Post-Cancun, Resumption Of Talks On Key Issues Depends On Trade Ministers

New Delhi, Sept 22: | Updated: Sep 23 2003, 05:30am hrs
After the collapse of the Cancun ministerial, a decision on resumption of negotiations on key issues such as agriculture, non-farm products and the Singapore issues in Geneva rests with the trade ministers of the 148-member world trade body, including India, say commerce ministry officials.

They further say the trade ministers will also have to evolve the procedure to be followed in respect of the above issues and to decide on whether a new text should be drawn up, now that the draft circulated by the conference chairman at Cancun were found unacceptable to large number of countries including those belonging to the G-21 and G-16.

Officials feel that the current round started at Doha is unlikely to be completed by January 1, 05, adding that the Uruguay round had taken nearly 10 years for reaching agreements.

At the Cancun meeting, the European Union had indicated that it was dropping the first two Singapore issues, namely, trade and investment; and competition law. This meant that the remaining two issues may be brought back for negotiations, officials felt. These are transparency in government procurement and trade facilitation.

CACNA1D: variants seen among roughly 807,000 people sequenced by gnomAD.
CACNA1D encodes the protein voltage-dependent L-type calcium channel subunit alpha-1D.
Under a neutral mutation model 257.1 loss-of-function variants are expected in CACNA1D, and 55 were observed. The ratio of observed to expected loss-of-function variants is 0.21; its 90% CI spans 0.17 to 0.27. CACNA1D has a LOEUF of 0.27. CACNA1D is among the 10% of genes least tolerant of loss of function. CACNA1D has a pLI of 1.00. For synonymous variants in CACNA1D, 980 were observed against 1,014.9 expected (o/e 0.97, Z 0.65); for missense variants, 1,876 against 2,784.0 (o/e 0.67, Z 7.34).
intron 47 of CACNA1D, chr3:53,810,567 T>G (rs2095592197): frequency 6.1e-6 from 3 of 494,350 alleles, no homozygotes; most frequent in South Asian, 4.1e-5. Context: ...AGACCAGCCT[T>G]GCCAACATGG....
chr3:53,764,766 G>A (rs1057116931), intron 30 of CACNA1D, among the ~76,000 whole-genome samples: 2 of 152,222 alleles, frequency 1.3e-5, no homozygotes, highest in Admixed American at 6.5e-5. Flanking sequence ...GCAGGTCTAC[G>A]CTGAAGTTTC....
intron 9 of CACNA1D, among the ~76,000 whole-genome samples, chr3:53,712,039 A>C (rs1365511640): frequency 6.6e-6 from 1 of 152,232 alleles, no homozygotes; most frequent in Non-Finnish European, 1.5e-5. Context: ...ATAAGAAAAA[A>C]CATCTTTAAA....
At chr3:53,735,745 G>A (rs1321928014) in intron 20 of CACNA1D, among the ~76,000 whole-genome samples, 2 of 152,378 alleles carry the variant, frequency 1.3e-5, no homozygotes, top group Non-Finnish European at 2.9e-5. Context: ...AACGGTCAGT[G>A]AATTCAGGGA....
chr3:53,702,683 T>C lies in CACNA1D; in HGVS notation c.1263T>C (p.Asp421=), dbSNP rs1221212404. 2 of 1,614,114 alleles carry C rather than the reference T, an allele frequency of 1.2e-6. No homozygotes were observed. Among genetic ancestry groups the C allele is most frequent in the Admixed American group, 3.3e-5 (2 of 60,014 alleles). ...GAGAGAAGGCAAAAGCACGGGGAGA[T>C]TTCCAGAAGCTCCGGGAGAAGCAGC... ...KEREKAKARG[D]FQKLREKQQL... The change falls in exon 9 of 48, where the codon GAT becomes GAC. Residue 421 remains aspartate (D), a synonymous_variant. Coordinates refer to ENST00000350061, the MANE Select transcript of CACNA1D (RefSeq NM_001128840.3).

At Saturdays news conference in Delhi, commerce and industry minister had stated that the legitimacy of the two Singapore issuestrade and investment and competition lawhad been substantially dented for the future.

He had also stated that if the world trade body adopted a fair posturing, there could be a consensus on major issues. A consensus would however elude the body if they were unreasonable in the level of ambitions on these issues.

I do feel that the issue of trade distorting farm subsidies extended by the richer countries would continue to keep the centrestage of the world trade body in the future negotiations, he had pointed out.

Moreover, the coalition of the G-21 countries on agriculture and G-16 on the Singapore issues would be maintained in the post-Cancun period, he said.